On this vote, a "yes" vote was a vote to end the debate and a "no" vote was a vote to filibuster the nomination.
Voting "yes" were 19 Democrats and 53 Republicans.
Voting "no" were 24 Democrats and one independent.
Democrats Yes Akaka, Hawaii; Baucus, Mont.; Bingaman, N.M.; Byrd, W.Va.; Cantwell, Wash.; Carper, Del.; Conrad, N.D.; Dorgan, N.D.; Inouye, Hawaii; Johnson, S.D.; Kohl, Wis.; Landrieu, La.; Lieberman, Conn.; Lincoln, Ark.; Nelson, Fla.; Nelson, Neb.; Pryor, Ark.; Rockefeller, W.Va.; Salazar, Colo.
Democrats No Bayh, Ind.; Biden, Del.; Boxer, Calif.; Clinton, N.Y.; Dayton, Minn.; Dodd, Conn.; Durbin, Ill.; Feingold, Wis.; Feinstein, Calif.; Kennedy, Mass.; Kerry, Mass.; Lautenberg, N.J.; Leahy, Vt.; Levin, Mich.; Menendez, N.J.; Mikulski, Md.; Murray, Wash.; Obama, Ill.; Reed, R.I.; Reid, Nev.; Sarbanes, Md.; Schumer, N.Y.; Stabenow, Mich.; Wyden, Ore.
Democrats Not Voting Harkin, Iowa.
Republicans Yes Alexander, Tenn.; Allard, Colo.; Allen, Va.; Bennett, Utah; Bond, Mo.; Brownback, Kan.; Bunning, Ky.; Burns, Mont.; Burr, N.C.; Chafee, R.I.; Chambliss, Ga.; Coburn, Okla.; Cochran, Miss.; Coleman, Minn.; Collins, Maine; Cornyn, Texas; Craig, Idaho; Crapo, Idaho; DeMint, S.C.; DeWine, Ohio; Dole, N.C.; Domenici, N.M.; Enzi, Wyo.; Frist, Tenn.; Graham, S.C.; Grassley, Iowa; Gregg, N.H.; Hatch, Utah; Hutchison, Texas; Inhofe, Okla.; Isakson, Ga.; Kyl, Ariz.; Lott, Miss.; Lugar, Ind.; Martinez, Fla.; McCain, Ariz.; McConnell, Ky.; Murkowski, Alaska; Roberts, Kan.; Santorum, Pa.; Sessions, Ala.; Shelby, Ala.; Smith, Ore.; Snowe, Maine; Specter, Pa.; Stevens, Alaska; Sununu, N.H.; Talent, Mo.; Thomas, Wyo.; Thune, S.D.; Vitter, La.; Voinovich, Ohio; Warner, Va.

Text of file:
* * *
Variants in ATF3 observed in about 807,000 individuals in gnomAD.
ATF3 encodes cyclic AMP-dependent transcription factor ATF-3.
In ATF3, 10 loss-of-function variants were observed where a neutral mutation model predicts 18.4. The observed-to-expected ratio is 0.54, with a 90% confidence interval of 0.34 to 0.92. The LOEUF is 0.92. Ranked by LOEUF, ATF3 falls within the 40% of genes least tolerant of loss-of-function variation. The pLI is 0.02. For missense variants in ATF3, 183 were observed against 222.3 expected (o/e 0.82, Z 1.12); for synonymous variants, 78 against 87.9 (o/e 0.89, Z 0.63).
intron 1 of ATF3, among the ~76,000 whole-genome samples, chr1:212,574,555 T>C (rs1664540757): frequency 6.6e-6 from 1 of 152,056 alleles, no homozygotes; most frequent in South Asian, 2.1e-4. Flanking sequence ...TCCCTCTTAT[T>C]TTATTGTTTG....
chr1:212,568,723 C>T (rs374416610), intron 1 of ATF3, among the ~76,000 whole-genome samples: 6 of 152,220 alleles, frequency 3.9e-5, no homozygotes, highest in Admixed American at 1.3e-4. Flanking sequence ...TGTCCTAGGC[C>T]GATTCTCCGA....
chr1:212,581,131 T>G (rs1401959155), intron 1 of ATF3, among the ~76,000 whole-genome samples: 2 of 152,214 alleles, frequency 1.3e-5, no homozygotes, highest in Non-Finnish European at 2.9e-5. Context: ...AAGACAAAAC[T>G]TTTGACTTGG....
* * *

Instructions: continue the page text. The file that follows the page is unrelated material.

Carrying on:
Republicans No None.
Republicans Not Voting Ensign, Nev.; Hagel, Neb.
Others No Jeffords, Vt.
Also read Thom Hartmann, It's the Constitution That's At Stake
In the novel "1984" by George Orwell, the way a seemingly democratic president kept his nation in a continual state of repression was by having a continuous war.
Cynics suggest the lesson wasn't lost on Lyndon Johnson or Richard Nixon, who both, they say, extended the Vietnam war so it coincidentally ran over election cycles, knowing that a wartime President's party is more likely to be reelected and has more power than a President in peacetime.
And, as George W. Bush told his biographer in 1999:
"One of the keys to being seen as a great leader is to be seen as commander in chief. My father had all this political capital built up when he drove the Iraqis out of Kuwait and he wasted it. If I have a chance to invade, if I had that much capital, I'm not going to waste it. I'm going to get everything passed that I want to get passed and I'm going to have a successful presidency."
Similarly, Adolf Hitler used the 1933 burning of the Reichstag (Parliament) building by a deranged Dutchman to declare a "war on terrorism," establish his legitimacy as a leader (even though he hadn't won a majority in the previous election).